BUILDINGS: Maine will soon become the latest state to offer Commercial Property Assessed Clean Energy loans, which let property owners pay for solar, energy efficiency and other projects through a line on their property tax bills. (Energy News Network)

• New York City’s public housing agency has a climate resiliency plan to sink some complexes’ basketball courts by several feet to act as flood water reservoirs during the next Hurricane Sandy-level storm. (Grist)
• Sections of New Jersey and New York are still abnormally dry, a continuation of the summertime drought that experts say will persist in the Hudson Valley, North Jersey and even parts of Connecticut. (Gothamist)
• Academics at universities in Maine, New Hampshire and Vermont receive a federal grant to jointly study climate resiliency at mobile home parks in the Northeast. (news release)

• Nearly two-thirds of municipal power needs in South Portland, Maine, will now be offset by a single 4.7 MW solar array sited on a landfill. (news release)
• A New Jersey community college installs 5.4 MW worth of solar parking canopies at two of its campuses. (news release)

OIL & GAS: Oil dealers want Maine’s governor to issue a waiver to reauthorize the import and sale of non-low-sulfur heating oil products to mitigate price jumps. (Maine Wire)

AFFORDABILITY: A news outlet fact check finds that two Connecticut gubernatorial candidates have both made inaccurate claims about utility bill affordability in the state. (CT Insider)

• Cities including Boston and New York City are testing out solar-powered e-paper signs with screens akin to an e-reader for a cheaper, higher-contrast transit connection display. (NextCity)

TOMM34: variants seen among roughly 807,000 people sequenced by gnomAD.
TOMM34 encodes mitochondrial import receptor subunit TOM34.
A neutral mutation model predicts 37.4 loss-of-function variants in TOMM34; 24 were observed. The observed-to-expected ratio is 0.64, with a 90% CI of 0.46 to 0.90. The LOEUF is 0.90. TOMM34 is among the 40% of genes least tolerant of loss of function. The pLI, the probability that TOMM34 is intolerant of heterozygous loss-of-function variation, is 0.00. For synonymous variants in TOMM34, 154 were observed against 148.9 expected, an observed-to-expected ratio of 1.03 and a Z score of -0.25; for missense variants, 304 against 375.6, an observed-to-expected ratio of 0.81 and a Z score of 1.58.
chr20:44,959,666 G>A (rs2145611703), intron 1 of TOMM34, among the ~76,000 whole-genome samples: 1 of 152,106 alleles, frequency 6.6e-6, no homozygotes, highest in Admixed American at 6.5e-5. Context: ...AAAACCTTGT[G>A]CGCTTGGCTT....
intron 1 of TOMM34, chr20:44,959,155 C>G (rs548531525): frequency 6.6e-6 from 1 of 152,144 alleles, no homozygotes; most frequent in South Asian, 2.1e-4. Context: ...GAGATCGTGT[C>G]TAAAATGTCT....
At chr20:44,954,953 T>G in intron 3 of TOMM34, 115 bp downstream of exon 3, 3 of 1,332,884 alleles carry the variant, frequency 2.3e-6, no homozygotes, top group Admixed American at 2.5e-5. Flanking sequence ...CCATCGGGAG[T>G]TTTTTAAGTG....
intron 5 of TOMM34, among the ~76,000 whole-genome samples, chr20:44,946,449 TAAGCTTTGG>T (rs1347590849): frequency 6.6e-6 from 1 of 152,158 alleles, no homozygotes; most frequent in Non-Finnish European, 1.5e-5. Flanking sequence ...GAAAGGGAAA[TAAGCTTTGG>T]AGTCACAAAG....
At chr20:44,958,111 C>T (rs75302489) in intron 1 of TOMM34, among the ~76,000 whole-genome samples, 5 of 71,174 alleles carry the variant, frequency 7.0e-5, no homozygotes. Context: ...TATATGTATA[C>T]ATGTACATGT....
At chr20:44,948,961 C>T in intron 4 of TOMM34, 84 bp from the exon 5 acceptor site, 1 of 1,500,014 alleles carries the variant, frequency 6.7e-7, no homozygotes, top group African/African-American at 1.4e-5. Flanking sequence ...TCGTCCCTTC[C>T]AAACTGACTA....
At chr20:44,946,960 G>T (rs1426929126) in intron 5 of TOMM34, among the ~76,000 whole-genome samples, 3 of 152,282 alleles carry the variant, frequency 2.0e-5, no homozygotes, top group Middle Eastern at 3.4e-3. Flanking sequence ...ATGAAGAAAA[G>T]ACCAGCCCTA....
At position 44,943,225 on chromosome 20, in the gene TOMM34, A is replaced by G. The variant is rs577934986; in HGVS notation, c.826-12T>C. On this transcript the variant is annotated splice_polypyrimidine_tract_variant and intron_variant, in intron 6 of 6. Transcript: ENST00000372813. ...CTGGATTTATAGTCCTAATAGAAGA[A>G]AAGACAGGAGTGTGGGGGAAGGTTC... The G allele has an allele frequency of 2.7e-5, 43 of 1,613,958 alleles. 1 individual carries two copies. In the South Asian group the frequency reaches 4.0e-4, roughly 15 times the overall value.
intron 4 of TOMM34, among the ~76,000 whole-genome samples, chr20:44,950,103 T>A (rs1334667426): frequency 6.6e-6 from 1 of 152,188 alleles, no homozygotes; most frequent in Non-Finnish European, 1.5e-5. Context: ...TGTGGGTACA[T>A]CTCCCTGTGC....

• In Pittsburgh, disability rights advocates say the city’s “mobility as a service” app — through which residents can buy, rent or share a variety of transit services — has created or deepened problems for disabled residents. (Streetsblog USA)

BIOMASS: Rising home heating oil costs lead more Vermonters to try switching to firewood, but wood stove backorders; worker and material shortages; and rising industry costs are forcing companies to deny new customers. (VTDigger)

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Bridget is a freelance reporter and newsletter writer based in the Washington, D.C., area. She compiles the Northeast Energy News digest. Bridget primarily writes about energy, conservation and the environment. Originally from Philadelphia, she graduated from Emerson College in 2015 with a degree in journalism and a minor in environmental studies. When she isn’t working on a story, she’s normally on a northern Maine lake or traveling abroad to practice her Spanish language skills.